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rocky mountain oysters

I can't say I can tell you what they taste like. I've had them but it's been a REALLY long time. It's not that I don't want to try them again, I just haven't sought them out... Anyway, I digress.

Farmer Jon here blogging for you on this beautiful (almost) spring day. I wanted to update you on some of this week's events. I recently talked about balance, mainly in regard to the humane treatment of farm animals and how to find that balance of keeping the farm animals happy without getting too carried away at the expense of your farm business. Because, at the end of the day, it's still a business and if we can't make money then we can't afford to provide those animals with the happy, healthy lives they deserve.

As part of that, we decided that we needed to have our 8-9 month old bull calves castrated.  We had considered finishing them as intact bulls but that would require two separate herds for half the year (which means a lot less grass growth) and then we would have to find demand for the very niche market of bull meat in the U.S. Plus, bulls are generally more aggressive then steers (castrated bulls) so there's a chance for unnecessary added danger. So, we decided to haul all of our bull calves, heifers and cows into the vet to be preg-checked, aged and/or castrated. We had to take them to the vet because we don't have a handling facility set up yet (pens and cattle chute). I figured that would be a 3-4 hour process. As usual, my naivety caused me to greatly underestimate how long it would take but even now, I'm surprised that it took about 10 hours before everything was said and done! I'll spare you all the details but you can imagine that there was a bit of cow chasing and some swearing involved. It has definitely helped me to re-prioritize the Farm To Do List. And guess what's now at the top of my list. Yep, a handling facility. Luckily, my family still has some equipment left from the days when they had cattle. They have been kind enough to let us use the old cattle chute and a bunch of other things, including the livestock trailer I used to take the cattle into town with. We've said it many times but I'll say it again - we are very grateful to have such supportive family and friends!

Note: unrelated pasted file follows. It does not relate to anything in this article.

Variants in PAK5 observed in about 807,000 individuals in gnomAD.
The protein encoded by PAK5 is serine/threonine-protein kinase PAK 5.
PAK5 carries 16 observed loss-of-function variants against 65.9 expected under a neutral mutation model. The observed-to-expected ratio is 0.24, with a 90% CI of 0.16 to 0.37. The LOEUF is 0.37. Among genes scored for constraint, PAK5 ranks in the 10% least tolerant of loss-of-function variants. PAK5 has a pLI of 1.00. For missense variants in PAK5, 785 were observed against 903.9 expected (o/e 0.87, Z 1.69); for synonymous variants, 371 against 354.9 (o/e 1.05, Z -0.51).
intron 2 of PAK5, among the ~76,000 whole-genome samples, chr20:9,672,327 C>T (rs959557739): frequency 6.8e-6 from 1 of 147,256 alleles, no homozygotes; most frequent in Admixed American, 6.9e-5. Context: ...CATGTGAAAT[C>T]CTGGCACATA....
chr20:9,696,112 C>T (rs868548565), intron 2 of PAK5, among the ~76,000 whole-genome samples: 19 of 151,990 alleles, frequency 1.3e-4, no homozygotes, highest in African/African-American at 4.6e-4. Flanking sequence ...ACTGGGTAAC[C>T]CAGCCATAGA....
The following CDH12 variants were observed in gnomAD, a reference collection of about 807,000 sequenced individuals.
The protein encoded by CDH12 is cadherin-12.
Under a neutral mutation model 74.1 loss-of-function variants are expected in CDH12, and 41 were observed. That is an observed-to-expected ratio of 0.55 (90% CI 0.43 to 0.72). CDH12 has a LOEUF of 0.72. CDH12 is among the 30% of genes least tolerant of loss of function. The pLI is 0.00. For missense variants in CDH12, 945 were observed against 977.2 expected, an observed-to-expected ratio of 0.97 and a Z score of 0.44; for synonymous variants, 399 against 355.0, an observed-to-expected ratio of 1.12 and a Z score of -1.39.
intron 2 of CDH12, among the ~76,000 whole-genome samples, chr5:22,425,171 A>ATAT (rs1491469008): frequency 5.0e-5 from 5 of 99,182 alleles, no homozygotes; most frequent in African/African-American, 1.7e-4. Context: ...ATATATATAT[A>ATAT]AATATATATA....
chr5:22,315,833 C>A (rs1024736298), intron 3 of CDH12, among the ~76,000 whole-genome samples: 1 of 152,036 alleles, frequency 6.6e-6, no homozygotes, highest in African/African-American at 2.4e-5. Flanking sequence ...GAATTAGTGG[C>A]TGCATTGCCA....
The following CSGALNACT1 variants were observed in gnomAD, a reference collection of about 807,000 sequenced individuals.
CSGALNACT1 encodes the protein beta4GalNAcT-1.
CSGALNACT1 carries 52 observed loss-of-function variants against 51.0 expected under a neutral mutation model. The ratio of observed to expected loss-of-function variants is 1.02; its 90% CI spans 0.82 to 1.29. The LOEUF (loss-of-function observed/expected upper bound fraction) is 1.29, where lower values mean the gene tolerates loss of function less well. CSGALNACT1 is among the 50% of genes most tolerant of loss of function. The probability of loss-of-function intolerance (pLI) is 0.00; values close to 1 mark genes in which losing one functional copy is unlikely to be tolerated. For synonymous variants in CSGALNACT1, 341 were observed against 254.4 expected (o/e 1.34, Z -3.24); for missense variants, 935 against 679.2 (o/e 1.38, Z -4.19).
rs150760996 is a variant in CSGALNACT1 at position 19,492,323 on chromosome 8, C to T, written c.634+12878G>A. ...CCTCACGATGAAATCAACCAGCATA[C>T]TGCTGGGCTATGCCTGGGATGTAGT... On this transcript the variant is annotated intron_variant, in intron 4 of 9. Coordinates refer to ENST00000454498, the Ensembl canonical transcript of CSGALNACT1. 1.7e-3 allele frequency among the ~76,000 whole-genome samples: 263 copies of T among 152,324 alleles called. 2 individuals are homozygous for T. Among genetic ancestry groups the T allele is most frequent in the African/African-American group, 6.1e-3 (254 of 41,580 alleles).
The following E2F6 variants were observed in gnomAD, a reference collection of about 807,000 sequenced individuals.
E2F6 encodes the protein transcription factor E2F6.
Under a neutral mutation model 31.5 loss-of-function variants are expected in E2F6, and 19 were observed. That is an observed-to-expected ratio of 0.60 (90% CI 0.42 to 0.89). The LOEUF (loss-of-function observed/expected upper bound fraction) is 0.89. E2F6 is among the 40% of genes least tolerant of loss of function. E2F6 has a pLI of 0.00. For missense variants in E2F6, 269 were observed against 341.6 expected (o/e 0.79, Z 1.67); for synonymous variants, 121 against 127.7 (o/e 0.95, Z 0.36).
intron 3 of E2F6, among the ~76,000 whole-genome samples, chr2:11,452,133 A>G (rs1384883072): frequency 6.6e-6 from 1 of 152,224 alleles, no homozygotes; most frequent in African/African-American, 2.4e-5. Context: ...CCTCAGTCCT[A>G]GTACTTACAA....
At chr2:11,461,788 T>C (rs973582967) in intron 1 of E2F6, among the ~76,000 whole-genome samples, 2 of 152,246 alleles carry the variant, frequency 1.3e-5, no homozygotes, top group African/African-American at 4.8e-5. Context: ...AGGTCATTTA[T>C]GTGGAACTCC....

Now that it's done, though, we have a ton of great information. We now know that 11 out of 12 cows were bred back and 5 out of 6 heifers are bred. All of which are approximately 6-7 months along. We also now know that our cows are mostly 4-5 years old. We also got weights on all of them, which we can use to help us decide which cows we want to keep and which cows need to go. And it will help me develop an eye for estimating the weights of cattle. So, all in all, we are very glad we did it. For beginners like us, that information is invaluable. I still have heartburn about taking our medication free animals to a place where many other (sick and/or heavily medicated) animals have been but we needed to get it done and everyone seems OK so far. 

By the way, who's up for a rocky mountain oyster fry?! I may or may not have forgotten them in the truck for 6 hours... Normally that wouldn't be a problem but with the 80 degree weather, I'm not so sure. Or should I say that Jamie's not so sure. I threw them in the freezer anyway in case someone still wanted them.

I also wanted to mention that Open Sky Farm is putting together an email list for anyone who wants to be the first to know of new things we have available. We will also offer email list only specials! Shoot us an email or give us a call if you'd like to be included.

Rich  – (March 16, 2012 at 9:12 PM)  

Even though you didn't ask, I can tell you how I manage our calves and some of my thoughts on finishing beef.

All our calves get an ear tag and the bull calves are banded a couple of days after calving. If it is supposed to be bitter cold (20 degrees F or below and wet), I'll wait until it warms up a little because I've had trouble with frostbitten ears in the past.

It does take a little time each day during calving season after checking the cows to tag and band the calves, and it's usually easier and sometimes necessary to have a couple of people available to tag and band calves daily.
But there also isn't a long, hard day of working calves or the stress on the cattle running them through chutes, etc.

In my opinion and from what I've read, castration results in more marbling and delaying castration or leaving bulls intact might cause them to grow quicker but the growth is muscle instead of fat. More muscle means leaner meat, but more marbling results in meat that is more tender and has more flavor (which is what people want from beef regardless of what they might say about lean meat).

Farmer Jon  – (March 16, 2012 at 10:11 PM)  

Thanks for the comments Rich. I agree with most of what you said. We will look long and hard at banding and tagging within a few days of birth, for the upcoming calving season.

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